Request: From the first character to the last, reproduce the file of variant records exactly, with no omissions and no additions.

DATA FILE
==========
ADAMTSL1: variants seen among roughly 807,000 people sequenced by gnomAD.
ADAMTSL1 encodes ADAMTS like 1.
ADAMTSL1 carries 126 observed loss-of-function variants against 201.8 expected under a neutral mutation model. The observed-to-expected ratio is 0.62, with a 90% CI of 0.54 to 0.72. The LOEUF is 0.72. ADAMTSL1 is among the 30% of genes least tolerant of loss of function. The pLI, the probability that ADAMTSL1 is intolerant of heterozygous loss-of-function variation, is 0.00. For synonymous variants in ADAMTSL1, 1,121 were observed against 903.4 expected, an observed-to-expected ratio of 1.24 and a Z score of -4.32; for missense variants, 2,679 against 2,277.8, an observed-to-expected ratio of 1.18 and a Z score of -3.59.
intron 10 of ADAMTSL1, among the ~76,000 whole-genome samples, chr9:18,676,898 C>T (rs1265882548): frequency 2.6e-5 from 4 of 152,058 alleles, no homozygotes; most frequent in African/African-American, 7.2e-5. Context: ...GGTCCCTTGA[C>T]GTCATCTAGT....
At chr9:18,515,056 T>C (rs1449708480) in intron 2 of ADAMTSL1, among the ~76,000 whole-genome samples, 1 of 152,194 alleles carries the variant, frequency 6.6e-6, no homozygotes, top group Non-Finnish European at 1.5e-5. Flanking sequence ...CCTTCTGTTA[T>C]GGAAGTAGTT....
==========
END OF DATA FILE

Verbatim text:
ADAMTSL1: variants seen among roughly 807,000 people sequenced by gnomAD.
ADAMTSL1 encodes ADAMTS like 1.
ADAMTSL1 carries 126 observed loss-of-function variants against 201.8 expected under a neutral mutation model. The observed-to-expected ratio is 0.62, with a 90% CI of 0.54 to 0.72. The LOEUF is 0.72. ADAMTSL1 is among the 30% of genes least tolerant of loss of function. The pLI, the probability that ADAMTSL1 is intolerant of heterozygous loss-of-function variation, is 0.00. For synonymous variants in ADAMTSL1, 1,121 were observed against 903.4 expected, an observed-to-expected ratio of 1.24 and a Z score of -4.32; for missense variants, 2,679 against 2,277.8, an observed-to-expected ratio of 1.18 and a Z score of -3.59.
intron 10 of ADAMTSL1, among the ~76,000 whole-genome samples, chr9:18,676,898 C>T (rs1265882548): frequency 2.6e-5 from 4 of 152,058 alleles, no homozygotes; most frequent in African/African-American, 7.2e-5. Context: ...GGTCCCTTGA[C>T]GTCATCTAGT....
At chr9:18,515,056 T>C (rs1449708480) in intron 2 of ADAMTSL1, among the ~76,000 whole-genome samples, 1 of 152,194 alleles carries the variant, frequency 6.6e-6, no homozygotes, top group Non-Finnish European at 1.5e-5. Flanking sequence ...CCTTCTGTTA[T>C]GGAAGTAGTT....